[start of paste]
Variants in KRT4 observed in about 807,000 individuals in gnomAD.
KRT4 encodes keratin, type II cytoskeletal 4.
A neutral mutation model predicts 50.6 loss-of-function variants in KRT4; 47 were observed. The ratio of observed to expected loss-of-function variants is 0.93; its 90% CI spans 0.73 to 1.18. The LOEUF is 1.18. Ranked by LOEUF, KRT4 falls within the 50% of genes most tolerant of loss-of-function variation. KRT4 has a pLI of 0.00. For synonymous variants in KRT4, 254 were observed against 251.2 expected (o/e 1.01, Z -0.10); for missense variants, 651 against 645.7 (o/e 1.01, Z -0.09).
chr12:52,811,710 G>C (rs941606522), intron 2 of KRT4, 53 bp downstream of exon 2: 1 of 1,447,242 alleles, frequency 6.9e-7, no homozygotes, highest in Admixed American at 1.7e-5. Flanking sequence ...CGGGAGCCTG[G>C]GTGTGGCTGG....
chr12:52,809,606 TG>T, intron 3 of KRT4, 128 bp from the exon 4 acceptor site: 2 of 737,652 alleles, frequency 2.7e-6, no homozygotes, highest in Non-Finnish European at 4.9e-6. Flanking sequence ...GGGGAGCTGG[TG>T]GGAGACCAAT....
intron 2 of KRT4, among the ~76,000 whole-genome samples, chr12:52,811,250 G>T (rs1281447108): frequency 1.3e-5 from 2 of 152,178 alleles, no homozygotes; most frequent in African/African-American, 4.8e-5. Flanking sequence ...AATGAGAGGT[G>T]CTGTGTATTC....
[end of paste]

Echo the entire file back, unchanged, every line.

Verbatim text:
Variants in KRT4 observed in about 807,000 individuals in gnomAD.
KRT4 encodes keratin, type II cytoskeletal 4.
A neutral mutation model predicts 50.6 loss-of-function variants in KRT4; 47 were observed. The ratio of observed to expected loss-of-function variants is 0.93; its 90% CI spans 0.73 to 1.18. The LOEUF is 1.18. Ranked by LOEUF, KRT4 falls within the 50% of genes most tolerant of loss-of-function variation. KRT4 has a pLI of 0.00. For synonymous variants in KRT4, 254 were observed against 251.2 expected (o/e 1.01, Z -0.10); for missense variants, 651 against 645.7 (o/e 1.01, Z -0.09).
chr12:52,811,710 G>C (rs941606522), intron 2 of KRT4, 53 bp downstream of exon 2: 1 of 1,447,242 alleles, frequency 6.9e-7, no homozygotes, highest in Admixed American at 1.7e-5. Flanking sequence ...CGGGAGCCTG[G>C]GTGTGGCTGG....
chr12:52,809,606 TG>T, intron 3 of KRT4, 128 bp from the exon 4 acceptor site: 2 of 737,652 alleles, frequency 2.7e-6, no homozygotes, highest in Non-Finnish European at 4.9e-6. Flanking sequence ...GGGGAGCTGG[TG>T]GGAGACCAAT....
intron 2 of KRT4, among the ~76,000 whole-genome samples, chr12:52,811,250 G>T (rs1281447108): frequency 1.3e-5 from 2 of 152,178 alleles, no homozygotes; most frequent in African/African-American, 4.8e-5. Flanking sequence ...AATGAGAGGT[G>T]CTGTGTATTC....